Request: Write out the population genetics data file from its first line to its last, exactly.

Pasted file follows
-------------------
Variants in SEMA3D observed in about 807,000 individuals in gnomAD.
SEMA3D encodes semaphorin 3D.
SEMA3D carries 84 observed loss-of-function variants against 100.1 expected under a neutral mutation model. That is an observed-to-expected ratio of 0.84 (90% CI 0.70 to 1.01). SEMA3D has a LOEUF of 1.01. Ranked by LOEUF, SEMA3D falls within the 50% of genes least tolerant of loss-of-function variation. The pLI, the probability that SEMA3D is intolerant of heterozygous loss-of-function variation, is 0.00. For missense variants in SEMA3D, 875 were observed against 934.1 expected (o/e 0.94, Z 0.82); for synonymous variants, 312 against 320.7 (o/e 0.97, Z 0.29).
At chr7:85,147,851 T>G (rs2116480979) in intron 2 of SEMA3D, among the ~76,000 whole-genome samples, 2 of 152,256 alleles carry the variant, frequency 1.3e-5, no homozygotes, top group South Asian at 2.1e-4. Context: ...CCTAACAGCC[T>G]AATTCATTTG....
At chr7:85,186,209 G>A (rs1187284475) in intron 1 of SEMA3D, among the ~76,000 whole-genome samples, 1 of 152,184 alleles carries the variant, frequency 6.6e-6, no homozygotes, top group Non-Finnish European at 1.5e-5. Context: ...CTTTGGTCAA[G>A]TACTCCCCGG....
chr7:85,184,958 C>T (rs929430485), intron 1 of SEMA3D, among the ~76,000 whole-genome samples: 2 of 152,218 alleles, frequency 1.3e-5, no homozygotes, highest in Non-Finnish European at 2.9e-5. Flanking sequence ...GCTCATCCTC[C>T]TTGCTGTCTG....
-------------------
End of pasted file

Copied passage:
Variants in SEMA3D observed in about 807,000 individuals in gnomAD.
SEMA3D encodes semaphorin 3D.
SEMA3D carries 84 observed loss-of-function variants against 100.1 expected under a neutral mutation model. That is an observed-to-expected ratio of 0.84 (90% CI 0.70 to 1.01). SEMA3D has a LOEUF of 1.01. Ranked by LOEUF, SEMA3D falls within the 50% of genes least tolerant of loss-of-function variation. The pLI, the probability that SEMA3D is intolerant of heterozygous loss-of-function variation, is 0.00. For missense variants in SEMA3D, 875 were observed against 934.1 expected (o/e 0.94, Z 0.82); for synonymous variants, 312 against 320.7 (o/e 0.97, Z 0.29).
At chr7:85,147,851 T>G (rs2116480979) in intron 2 of SEMA3D, among the ~76,000 whole-genome samples, 2 of 152,256 alleles carry the variant, frequency 1.3e-5, no homozygotes, top group South Asian at 2.1e-4. Context: ...CCTAACAGCC[T>G]AATTCATTTG....
At chr7:85,186,209 G>A (rs1187284475) in intron 1 of SEMA3D, among the ~76,000 whole-genome samples, 1 of 152,184 alleles carries the variant, frequency 6.6e-6, no homozygotes, top group Non-Finnish European at 1.5e-5. Context: ...CTTTGGTCAA[G>A]TACTCCCCGG....
chr7:85,184,958 C>T (rs929430485), intron 1 of SEMA3D, among the ~76,000 whole-genome samples: 2 of 152,218 alleles, frequency 1.3e-5, no homozygotes, highest in Non-Finnish European at 2.9e-5. Flanking sequence ...GCTCATCCTC[C>T]TTGCTGTCTG....